All state-funded projects are required by law to undergo an environmental review, unless the process is waived or shortened by the legislature. Such waivers are becoming increasingly common, and lawmakers and environmentalists agree that the process should be streamlined.

Armetta's proposal for a gas-fired electric plant, set for a public hearing Wednesday night before the Middletown Planning and Zoning Commission, comes at a time when state regulators -- who ultimately must approve the proposal -- are encouraging the construction of the more efficient gas-fired plants to gradually replace dirtier, oil-burning plants.

One of those plants, a member of the state's so-called sooty six list of older facilities, is off River Road on the banks of the Connecticut River, not far from the proposed site of Armetta's plant.

Environmentalist David Titus, who was initially troubled by the two development proposals, said he now believes both are sound.

Titus, a Wesleyan University professor and president of the Mattabeseck Audubon Society, said he was particularly heartened by Armetta's decision to build the plant on the most degraded portion of Armetta's 185-acre slice of Maromas. It's the former site of a feldspar mining operation that left the land deeply gouged and littered with piles of shredded rock.

For his part, Armetta says he is dogged by certain perceptions.

"Because I'm in the garbage business, people think that whatever I'm doing is going to be dirty or dangerous. But the opposite is true," said Armetta. When he was penalized $103,000 and directed to spend another $252,000 on an environmental project to settle the 1995 violations, the size of the assessment branded him as one of the state's largest polluters of that year -- a tag he adamantly rejects. Records show no significant violations before or since the 1995 case.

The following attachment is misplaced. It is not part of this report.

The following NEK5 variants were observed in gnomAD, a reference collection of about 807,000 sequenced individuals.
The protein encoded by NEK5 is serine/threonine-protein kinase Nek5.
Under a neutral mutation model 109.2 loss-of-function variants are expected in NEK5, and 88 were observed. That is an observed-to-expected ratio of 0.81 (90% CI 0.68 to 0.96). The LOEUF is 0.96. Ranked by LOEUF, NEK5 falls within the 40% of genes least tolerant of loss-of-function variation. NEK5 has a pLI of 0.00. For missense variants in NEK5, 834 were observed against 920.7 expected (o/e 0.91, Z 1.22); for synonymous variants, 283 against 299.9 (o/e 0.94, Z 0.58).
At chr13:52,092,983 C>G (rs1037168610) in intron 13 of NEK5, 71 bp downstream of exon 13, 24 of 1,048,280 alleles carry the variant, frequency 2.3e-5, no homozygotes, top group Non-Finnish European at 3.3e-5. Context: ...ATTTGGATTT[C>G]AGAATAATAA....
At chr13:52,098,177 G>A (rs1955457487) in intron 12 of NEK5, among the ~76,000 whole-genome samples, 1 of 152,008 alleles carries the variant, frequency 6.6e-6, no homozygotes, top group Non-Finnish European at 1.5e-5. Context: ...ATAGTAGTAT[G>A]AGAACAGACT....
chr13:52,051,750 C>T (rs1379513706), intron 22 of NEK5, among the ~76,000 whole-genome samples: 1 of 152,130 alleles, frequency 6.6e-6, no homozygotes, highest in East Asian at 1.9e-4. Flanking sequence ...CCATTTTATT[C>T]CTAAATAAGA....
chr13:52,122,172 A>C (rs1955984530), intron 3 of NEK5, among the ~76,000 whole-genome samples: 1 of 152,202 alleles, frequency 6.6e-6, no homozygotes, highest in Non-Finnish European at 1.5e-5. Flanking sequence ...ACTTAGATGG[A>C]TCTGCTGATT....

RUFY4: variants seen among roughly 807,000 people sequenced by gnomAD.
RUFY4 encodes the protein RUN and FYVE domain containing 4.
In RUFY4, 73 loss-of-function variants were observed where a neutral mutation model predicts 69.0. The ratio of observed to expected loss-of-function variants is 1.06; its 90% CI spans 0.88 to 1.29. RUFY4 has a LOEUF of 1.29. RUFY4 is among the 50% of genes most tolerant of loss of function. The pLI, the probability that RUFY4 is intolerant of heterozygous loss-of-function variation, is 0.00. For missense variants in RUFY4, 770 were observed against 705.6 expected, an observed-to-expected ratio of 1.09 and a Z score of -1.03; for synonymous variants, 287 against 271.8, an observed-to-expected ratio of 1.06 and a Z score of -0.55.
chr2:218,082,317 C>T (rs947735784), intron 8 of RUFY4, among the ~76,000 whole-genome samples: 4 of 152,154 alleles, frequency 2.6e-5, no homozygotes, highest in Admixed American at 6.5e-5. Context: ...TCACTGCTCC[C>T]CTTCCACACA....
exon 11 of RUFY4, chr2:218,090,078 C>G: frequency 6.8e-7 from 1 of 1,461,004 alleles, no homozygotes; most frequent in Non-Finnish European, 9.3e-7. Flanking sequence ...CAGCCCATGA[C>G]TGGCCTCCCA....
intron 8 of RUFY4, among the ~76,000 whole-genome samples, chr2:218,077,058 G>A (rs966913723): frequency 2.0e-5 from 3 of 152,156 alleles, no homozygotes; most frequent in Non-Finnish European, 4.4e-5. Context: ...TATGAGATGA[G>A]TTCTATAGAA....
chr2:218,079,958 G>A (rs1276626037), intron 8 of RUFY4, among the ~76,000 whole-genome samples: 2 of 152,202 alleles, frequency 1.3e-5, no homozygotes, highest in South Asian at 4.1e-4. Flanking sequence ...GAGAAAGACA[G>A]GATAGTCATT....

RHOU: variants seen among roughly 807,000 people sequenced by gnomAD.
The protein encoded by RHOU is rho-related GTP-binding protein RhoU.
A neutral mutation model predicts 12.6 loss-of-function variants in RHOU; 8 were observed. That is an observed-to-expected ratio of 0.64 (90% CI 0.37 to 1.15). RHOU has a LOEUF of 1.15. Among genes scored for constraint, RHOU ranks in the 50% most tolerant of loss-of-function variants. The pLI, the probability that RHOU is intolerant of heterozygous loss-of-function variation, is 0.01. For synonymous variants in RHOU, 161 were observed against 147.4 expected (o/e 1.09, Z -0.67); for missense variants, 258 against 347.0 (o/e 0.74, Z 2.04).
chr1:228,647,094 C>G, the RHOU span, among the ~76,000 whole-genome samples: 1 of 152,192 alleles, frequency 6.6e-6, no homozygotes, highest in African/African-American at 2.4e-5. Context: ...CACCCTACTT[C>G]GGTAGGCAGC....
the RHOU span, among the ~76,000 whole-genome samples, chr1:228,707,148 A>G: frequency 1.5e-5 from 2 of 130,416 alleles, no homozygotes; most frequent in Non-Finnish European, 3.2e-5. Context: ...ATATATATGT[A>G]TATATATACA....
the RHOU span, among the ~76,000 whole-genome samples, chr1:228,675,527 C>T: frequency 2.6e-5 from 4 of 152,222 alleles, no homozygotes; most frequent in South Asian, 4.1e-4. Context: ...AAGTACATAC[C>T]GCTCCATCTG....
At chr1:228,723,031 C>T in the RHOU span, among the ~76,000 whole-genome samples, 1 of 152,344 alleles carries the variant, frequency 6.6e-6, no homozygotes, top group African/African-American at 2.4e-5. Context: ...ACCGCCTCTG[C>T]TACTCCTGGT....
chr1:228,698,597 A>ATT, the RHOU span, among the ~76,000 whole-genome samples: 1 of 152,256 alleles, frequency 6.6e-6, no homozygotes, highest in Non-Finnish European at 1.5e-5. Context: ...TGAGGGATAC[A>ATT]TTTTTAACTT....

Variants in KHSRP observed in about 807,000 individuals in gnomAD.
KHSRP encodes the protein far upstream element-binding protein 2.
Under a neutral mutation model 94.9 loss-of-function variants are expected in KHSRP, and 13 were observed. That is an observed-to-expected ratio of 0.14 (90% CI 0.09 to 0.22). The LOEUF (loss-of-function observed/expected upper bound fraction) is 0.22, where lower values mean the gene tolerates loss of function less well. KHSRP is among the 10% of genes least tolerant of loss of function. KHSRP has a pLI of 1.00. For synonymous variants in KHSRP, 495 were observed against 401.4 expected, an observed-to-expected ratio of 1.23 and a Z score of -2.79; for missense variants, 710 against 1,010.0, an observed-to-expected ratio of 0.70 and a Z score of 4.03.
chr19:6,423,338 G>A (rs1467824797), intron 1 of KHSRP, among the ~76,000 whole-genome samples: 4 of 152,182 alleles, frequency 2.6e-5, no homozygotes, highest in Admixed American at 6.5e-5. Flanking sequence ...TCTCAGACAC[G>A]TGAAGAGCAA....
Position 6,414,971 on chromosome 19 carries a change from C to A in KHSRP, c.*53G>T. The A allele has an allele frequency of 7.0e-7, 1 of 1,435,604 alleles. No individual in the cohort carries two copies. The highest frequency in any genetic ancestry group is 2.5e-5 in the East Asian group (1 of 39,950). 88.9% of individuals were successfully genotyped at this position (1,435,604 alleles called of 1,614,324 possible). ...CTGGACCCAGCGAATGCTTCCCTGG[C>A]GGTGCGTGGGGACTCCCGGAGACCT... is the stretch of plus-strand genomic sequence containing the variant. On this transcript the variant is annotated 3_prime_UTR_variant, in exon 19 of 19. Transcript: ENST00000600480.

Armetta also acknowledges "lucking out" at the prospect of tying into the proposed sewer line, but said he had nothing to do with Serra's pursuit of a waiver and was unaware when he bought the Maromas property in 1999 that a sewer line would be built.

2. This article was published on April 9, 2003, it was written by Josh Kovner.
Armetta Defends Tax Deal; The Agreement is Designed to Allow Armetta's Partnership to Line up Investors, Secure Financing and Ultimately Sell Electricity More Cheaply

Phil Armetta, who wants to build a $220 million power plant in the Maromas section, defended a tax deal approved Tuesday by the common council, saying the gradually increasing payments help him now and the city later.

"We're the only dance hall that's open," Armetta, owner of Dainty Rubbish Inc., said of the scorched, post-Enron landscape that has eliminated most of the rest of the power-plant proposals in New England. "And we need this agreement to be able to dance."

He meant that the 25-year deal, which will start with Kleen Energy LLC paying the city $922,000 annually in the first several years and culminate with yearly payments around $2.5 million, is designed to allow the Armetta-led partnership to line up investors, secure financing and sell electricity more cheaply.

That, he said, would help Kleen Energy hold up its end of the deal. Construction on the power plant, planned for the site of an old feldspar mine high on a hill above the Connecticut River, would begin next year and take a year to complete.

William Corvo, a former city councilman and a partner in Kleen Energy, told the council members Tuesday night that they should not confuse the agreement with a tax abatement. He said the city would be getting all of the taxes it was owed -- only spread out over a 25- year period. The state legislature approved these "tax stabilization" agreements in 2001 to encourage the building of new, clean-running power plants. Under the new rules, cities and power plants are able to set mutually beneficial tax and assessment rates.

The Democrat-controlled common council passed the agreement by a 10-2 vote, with Republicans Earle Roberts and Francis Patnaude dissenting. Roberts thought it outrageous that no representative of Robinson & Cole, the Hartford law firm to which the city paid $15,000 to negotiate the deal, showed up Tuesday night to explain it.

That job fell exclusively to Corvo and Kleen Energy's lawyer, Marjorie Wilder of Pullman & Comely.

"This was almost surreal, with Bill Corvo vouching for the work of the city's lawyer," said David Bowers, a former candidate for state representative in Middletown's 33rd District. "Where has the city been? Who's on my side as a resident? Should it have fallen to the development team, the team getting the deal, to present all the facts?"